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It was the closest thing to a real debate that Americans have seen in decades. They interrupted each other. They let no cheap shot go unchallenged. They both seemed presidential and steady. And––this was the fascinating part–– they both use the exact same brush to tar their opponent: George W. Bush. Apparently, a vote for McCain is four more years of Dubya according to Obama. And according to McCain, Obama has a bit of a stubborn streak that is eerily reminiscent of someone currently in the Oval Office. So which is it? Are they running against each other? Or just running away from Bush?

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5 Comments

  1. Good point.

    I gave Obama points for not laying into McCain as much as McCain laid into him. Diplomacy is what I call that.

  2. Missed the debate last night, so I had to force myself to watch it this morning. Here is the recap that I agree with:

    McBama favors the Billionaire Bailout.

    McBama won’t say what programs have to be cut to pay for the Billionaire Bailout.

    McBama thinks “we should never hesitate to use military force.”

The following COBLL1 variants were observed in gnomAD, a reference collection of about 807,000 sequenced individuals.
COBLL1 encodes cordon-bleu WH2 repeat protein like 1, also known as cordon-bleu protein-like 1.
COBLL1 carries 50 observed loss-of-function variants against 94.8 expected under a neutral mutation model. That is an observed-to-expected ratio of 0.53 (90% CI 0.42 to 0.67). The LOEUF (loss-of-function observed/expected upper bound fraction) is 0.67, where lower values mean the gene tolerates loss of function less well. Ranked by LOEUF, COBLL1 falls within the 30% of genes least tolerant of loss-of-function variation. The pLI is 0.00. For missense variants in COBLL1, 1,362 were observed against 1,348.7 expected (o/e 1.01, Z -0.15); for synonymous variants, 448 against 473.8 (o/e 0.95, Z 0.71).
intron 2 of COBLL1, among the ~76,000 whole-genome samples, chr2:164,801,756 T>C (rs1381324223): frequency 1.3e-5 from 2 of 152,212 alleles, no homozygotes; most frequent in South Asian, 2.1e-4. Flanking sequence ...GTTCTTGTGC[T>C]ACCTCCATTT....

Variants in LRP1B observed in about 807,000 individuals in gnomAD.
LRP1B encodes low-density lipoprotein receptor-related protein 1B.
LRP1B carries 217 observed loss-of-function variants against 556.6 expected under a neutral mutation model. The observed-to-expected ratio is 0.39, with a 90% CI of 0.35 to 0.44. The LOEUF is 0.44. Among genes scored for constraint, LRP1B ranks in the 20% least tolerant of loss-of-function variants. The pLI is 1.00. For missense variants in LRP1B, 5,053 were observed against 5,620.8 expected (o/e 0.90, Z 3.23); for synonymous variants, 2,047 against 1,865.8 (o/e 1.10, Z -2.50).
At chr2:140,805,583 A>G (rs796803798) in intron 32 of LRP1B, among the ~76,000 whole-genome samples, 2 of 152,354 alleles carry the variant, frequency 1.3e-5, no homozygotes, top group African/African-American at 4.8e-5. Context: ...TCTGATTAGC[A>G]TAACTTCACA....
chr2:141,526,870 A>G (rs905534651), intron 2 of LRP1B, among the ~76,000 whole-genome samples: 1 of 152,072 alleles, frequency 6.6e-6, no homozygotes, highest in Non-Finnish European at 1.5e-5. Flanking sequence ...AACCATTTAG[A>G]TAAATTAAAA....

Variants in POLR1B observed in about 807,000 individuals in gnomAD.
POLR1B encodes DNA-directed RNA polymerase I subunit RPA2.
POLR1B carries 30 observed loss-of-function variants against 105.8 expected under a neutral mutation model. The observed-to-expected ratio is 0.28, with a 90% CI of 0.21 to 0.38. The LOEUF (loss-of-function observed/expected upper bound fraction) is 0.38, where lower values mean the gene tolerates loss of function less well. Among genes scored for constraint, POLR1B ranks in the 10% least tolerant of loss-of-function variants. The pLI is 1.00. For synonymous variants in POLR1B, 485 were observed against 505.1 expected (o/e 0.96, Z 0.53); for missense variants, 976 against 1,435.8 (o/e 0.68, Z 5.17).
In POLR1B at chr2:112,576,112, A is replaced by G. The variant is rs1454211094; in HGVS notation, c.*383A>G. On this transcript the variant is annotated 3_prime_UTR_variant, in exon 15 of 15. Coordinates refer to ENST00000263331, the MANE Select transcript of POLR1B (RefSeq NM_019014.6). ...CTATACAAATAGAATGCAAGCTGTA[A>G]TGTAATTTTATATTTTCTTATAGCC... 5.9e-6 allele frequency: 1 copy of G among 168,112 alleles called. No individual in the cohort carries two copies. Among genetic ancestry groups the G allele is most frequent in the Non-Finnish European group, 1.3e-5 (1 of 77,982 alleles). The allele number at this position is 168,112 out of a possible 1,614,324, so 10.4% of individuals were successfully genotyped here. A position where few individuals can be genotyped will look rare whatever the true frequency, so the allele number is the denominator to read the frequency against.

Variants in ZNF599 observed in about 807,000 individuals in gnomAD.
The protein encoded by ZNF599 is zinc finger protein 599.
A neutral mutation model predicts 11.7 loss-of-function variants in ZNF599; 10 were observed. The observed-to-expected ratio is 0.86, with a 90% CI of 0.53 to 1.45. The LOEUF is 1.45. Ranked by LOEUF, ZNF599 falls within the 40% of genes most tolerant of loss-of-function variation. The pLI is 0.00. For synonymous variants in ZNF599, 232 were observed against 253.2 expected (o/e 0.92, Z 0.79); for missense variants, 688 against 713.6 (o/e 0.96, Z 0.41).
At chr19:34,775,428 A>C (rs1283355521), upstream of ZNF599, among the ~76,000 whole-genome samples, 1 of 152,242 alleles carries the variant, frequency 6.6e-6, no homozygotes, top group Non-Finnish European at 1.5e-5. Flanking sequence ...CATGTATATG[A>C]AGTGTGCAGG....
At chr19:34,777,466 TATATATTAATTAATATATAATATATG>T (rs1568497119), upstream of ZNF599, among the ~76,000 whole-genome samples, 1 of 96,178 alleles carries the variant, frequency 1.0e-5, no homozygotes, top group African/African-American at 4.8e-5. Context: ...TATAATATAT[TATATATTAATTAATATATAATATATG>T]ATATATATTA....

McBama wants to escalate the other unwinnable “land war in Asia” (Afghanistan).

    McBama is not sure about whether to start a third unwinnable land war in Asia, against nuclear power Pakistan.

    McBama would go to war against Iran for the sake of Israel if necessary. He is not sure if he wants to talk with the Iranians before bombing them.

    McBama thinks that Russia is the villain in Georgia.

    Since they essentially agree with each other on everything but tactics, I wouldn’t even call it a debate. I would call it an infomercial on big government. At least, they didn’t make much of a pretense towards being Constitutional about anything.

  3. Debates are just campaign stump speeches where it is harder to get away with lying. I remember a debate once where the candidate claimed to be opposed to “nation building”. I think what he meant to say was he was just really bad at it.

  4. Thats for sure.

  5. I think George W. said be wanted a “humble foreign policy”. Actually he wanted to “bumble” foreign policy.


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